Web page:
Student Defense: or Where’s the Popo ho?

As a student, I consider it important to know that my safety is important to my university.  With all of the tuition I pay, fees they force from me, and fines people pay for parking without proper passes, having a good sense of safety is a minimal return on my investment.  Enter the campus alert system. 


After the craziness known as the Virginia tech Massacre in 2007, parents and students have been hyper sensitive towards their environment.  To aid the hysteria, many schools have adopted an alert system that notifies students and the general public about potential violence and emergency situations on campus.  Subscribers will receive emails or text alert messages giving detailed information and instructions on how to remain safe.  Good … right? 


Well after this alert system went into effect at my own beloved VCU, I started receiving messages that range from weather closures, to random acts of violence.  I have seen traffic alerts, tornado warnings, and even school opening delay messages.  The most disturbing message came a few nights ago when I saw a message that warned me of a Mob assault and armed robbery (detailed at  I knew then that the school I had been attending, had gone straight to hell in a pretty little hand basket. 


Yes, my school has approximately 32,000 students.  I understand that with so many people in one place pandemonium can, and often does, take place.  I am just a bit scared though about my personal safety as the scene of the violent crimes is creeping closer and closer to my home.  Furthermore, I have night classes, and often do not get home until after 10 PM.  


Am I wrong for considering the idea of going armed on campus as a good thing?  I mean the controversy over it is gaining national news coverage as I’m not the only student considering attending school while armed for bear.  I am a disabled person as well.  I need to know that my safety is being taken care of.  I sympathize with my nondisabled cohort.  Want to stop the madness?  Increase security and make it stick.  Otherwise, we’re calling campus police escorts, bringing our own night sticks, and generally preparing for war in time of peace.

VCU Launches ‘Year of Freedom: Confronting Our Past, Facing Our Future’ to Reflect on the Continuing Impact of the Civil War and Emancipation

VCU’s “Year of Freedom: Confronting Our Past, Facing Our Future,” which begins this month, features a variety of guest speakers, activities and lectures that reflect on the important course of events in the war in 1862 and 1863 that led to the issuing of the Emancipation Proclamation.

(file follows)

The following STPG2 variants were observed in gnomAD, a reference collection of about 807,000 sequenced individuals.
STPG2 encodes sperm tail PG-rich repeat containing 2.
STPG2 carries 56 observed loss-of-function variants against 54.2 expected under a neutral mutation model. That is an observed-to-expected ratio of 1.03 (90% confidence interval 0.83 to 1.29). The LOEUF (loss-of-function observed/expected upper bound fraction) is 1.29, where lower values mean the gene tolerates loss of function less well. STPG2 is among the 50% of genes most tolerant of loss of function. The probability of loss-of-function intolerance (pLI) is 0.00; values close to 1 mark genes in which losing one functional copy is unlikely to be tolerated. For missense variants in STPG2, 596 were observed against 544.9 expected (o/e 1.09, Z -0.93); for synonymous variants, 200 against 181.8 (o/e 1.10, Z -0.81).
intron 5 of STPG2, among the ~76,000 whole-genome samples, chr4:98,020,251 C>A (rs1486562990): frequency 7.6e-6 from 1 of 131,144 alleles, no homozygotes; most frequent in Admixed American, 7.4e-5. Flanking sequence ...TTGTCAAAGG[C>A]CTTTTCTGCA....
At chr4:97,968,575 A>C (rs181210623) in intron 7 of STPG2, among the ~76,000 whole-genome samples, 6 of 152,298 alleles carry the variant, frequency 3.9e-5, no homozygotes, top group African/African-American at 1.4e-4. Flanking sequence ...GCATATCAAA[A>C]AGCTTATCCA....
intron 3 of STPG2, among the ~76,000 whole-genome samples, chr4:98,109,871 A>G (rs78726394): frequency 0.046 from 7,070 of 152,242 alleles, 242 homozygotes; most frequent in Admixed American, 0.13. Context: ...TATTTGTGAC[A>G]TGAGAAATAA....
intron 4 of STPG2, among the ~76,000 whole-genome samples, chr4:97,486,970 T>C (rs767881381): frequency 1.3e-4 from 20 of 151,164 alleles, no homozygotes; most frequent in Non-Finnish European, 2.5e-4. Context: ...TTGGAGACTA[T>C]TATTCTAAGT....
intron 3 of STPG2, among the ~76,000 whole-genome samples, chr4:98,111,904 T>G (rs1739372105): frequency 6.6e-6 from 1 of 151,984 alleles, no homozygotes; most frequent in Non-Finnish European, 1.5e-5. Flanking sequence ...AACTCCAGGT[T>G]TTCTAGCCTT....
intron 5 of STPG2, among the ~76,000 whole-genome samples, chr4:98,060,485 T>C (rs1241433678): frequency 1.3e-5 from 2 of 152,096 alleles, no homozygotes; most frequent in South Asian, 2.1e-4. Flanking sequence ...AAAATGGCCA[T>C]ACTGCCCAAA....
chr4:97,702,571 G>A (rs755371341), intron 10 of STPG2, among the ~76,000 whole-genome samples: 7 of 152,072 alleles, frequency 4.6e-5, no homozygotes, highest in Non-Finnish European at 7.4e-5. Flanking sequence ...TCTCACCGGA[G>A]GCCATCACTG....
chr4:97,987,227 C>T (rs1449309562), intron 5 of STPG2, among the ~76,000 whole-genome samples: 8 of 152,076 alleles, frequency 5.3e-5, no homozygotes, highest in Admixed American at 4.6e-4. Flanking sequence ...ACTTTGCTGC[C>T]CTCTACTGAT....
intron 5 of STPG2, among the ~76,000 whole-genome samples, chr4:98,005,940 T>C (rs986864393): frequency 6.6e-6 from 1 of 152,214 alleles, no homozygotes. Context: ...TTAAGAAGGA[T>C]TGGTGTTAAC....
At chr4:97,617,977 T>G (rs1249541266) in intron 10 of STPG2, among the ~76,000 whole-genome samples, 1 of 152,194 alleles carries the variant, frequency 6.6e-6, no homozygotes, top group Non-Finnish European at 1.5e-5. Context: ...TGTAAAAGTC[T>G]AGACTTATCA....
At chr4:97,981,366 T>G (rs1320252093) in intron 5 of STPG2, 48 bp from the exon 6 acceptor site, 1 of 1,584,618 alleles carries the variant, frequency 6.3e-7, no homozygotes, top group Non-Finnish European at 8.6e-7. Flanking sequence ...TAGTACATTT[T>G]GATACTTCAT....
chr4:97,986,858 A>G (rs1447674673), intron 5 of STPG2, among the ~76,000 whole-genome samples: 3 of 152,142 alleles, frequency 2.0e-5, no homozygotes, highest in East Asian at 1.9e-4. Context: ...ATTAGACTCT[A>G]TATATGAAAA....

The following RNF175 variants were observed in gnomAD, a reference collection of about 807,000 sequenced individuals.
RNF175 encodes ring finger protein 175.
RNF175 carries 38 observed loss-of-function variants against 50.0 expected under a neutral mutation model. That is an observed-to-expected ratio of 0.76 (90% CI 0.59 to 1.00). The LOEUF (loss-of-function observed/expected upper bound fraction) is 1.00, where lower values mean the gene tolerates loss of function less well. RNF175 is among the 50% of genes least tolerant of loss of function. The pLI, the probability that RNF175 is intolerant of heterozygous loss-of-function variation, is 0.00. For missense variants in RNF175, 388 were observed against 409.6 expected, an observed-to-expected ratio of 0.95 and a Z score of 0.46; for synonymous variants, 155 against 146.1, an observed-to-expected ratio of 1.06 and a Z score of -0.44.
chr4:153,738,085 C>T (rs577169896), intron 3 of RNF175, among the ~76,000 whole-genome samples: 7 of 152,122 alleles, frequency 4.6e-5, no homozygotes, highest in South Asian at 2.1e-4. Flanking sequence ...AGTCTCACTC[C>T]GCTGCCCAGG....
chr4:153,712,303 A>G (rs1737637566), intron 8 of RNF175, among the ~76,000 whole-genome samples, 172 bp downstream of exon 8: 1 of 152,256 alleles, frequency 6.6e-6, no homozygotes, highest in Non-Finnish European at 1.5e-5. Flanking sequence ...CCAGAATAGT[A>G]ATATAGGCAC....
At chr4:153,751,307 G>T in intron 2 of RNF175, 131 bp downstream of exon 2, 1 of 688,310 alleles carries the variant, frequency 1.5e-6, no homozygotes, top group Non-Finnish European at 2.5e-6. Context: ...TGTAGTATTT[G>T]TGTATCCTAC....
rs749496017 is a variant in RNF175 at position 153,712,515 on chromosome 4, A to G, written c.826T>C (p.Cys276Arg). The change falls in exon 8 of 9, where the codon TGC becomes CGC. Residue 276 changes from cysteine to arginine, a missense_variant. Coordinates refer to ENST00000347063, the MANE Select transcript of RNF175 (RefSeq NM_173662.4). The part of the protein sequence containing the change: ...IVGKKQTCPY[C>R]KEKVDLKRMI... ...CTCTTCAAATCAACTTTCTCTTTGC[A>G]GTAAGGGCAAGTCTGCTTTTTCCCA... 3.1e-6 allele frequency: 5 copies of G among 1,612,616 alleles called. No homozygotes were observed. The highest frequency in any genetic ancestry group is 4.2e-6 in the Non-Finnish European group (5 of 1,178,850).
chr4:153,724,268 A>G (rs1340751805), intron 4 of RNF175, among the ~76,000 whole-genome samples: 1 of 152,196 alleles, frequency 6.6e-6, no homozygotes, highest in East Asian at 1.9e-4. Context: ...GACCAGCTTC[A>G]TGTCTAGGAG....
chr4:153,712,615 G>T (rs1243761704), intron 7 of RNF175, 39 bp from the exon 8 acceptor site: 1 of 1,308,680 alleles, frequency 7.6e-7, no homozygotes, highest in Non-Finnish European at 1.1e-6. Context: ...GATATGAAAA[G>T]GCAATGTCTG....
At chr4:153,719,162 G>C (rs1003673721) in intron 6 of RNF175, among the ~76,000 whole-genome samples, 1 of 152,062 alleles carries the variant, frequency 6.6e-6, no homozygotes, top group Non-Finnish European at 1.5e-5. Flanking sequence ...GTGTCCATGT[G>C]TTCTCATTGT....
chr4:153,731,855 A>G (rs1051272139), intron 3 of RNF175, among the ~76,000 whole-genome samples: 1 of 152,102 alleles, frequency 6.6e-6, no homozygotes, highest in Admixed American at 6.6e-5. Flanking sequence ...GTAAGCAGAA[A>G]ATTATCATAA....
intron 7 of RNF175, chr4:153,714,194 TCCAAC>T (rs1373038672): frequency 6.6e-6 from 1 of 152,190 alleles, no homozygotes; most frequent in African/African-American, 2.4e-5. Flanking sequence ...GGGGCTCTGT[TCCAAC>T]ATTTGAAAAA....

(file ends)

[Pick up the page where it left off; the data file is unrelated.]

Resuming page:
“We think this is a great opportunity for people to learn about what happened in the past and think about how it impacts us today,” said John Kneebone, Ph.D., chair of the Department of History and chair of the Year of Freedom committee.

Kneebone said the proposal for VCU’s Year of Freedom was put together in the spring of 2011, when Catherine Ingrassia, who was associate dean of the College of Humanities and Sciences at the time, convened a meeting of interested faculty from the College of Humanities and Sciences, the School of Education, the School of the Arts and VCU Libraries. Kneebone was named committee chair in August of 2011.

Kneebone said the Civil War and Emancipation constitute the most important events in American history. Though the war would not end until 1865, the Battle of Antietam (also known as the Battle of Sharpsburg) took place on Sept. 17, 1862. And while the battle was tactically inconclusive, it was a strategic victory for the Union, allowing Abraham Lincoln to preliminarily issue his Emancipation Proclamation, an executive order created to free slaves in the 10 states in rebellion effective on Jan. 1, 1863.

“I can’t think of any year in Virginia history that has impacted us like 1862,” Kneebone said.

And even 150 years later, the Civil War and Emancipation bring conflicted perspectives in Richmond, the capital of the Confederacy, with celebrations of southern pride for the descendants of Confederate families and recollections of pain for the descendants of enslaved African-Americans.

“It’s a very complicated and difficult conversation to have,” Kneebone said. “On one side, remembering the war is a way to celebrate southern heritage with re-enactors, and, on the other side, Emancipation conjures up all of the pain of slavery.”

VCU’s Year of Freedom is meant to launch a conversation about that conflict on campus and in the community.